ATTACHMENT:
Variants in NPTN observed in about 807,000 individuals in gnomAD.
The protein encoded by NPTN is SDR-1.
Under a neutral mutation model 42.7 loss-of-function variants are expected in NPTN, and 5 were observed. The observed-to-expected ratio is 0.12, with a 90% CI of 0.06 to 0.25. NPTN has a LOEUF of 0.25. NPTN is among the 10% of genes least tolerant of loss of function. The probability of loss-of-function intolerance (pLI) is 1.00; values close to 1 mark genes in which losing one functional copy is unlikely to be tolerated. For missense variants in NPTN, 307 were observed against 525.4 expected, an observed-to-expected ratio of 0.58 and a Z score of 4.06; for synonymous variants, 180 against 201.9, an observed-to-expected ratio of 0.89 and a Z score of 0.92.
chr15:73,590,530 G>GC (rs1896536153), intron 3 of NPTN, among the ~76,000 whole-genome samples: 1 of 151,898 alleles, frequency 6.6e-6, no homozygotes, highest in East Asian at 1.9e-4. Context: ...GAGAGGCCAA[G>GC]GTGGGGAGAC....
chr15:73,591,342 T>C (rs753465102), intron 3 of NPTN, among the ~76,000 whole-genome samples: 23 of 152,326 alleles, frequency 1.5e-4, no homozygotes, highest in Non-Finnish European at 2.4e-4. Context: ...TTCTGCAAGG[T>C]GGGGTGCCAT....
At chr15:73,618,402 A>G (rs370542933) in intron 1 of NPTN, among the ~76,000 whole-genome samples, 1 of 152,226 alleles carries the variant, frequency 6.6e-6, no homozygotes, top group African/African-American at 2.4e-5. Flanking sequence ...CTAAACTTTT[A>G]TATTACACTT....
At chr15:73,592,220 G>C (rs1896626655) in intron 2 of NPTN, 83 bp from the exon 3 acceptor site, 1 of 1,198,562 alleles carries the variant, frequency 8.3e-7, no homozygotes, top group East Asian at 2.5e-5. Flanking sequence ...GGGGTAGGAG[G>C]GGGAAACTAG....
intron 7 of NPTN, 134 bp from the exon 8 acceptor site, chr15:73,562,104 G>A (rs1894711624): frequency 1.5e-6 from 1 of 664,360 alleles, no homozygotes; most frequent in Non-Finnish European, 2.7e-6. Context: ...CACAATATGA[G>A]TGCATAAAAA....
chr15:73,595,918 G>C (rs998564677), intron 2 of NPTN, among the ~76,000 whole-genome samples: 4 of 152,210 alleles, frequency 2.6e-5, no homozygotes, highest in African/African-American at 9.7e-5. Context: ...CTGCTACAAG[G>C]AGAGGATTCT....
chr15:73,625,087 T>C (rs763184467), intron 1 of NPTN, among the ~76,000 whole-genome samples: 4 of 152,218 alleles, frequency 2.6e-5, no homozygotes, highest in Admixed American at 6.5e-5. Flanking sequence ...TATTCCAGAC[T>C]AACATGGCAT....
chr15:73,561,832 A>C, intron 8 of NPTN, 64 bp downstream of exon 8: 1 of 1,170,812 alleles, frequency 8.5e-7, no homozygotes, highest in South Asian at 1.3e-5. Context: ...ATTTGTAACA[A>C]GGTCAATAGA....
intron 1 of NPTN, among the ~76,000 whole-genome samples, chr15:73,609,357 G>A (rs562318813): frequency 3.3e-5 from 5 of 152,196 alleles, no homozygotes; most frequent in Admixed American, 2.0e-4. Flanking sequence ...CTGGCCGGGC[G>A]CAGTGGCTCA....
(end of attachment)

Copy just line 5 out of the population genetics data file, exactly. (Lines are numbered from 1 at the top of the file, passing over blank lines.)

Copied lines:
chr15:73,591,342 T>C (rs753465102), intron 3 of NPTN, among the ~76,000 whole-genome samples: 23 of 152,326 alleles, frequency 1.5e-4, no homozygotes, highest in Non-Finnish European at 2.4e-4. Context: ...TTCTGCAAGG[T>C]GGGGTGCCAT....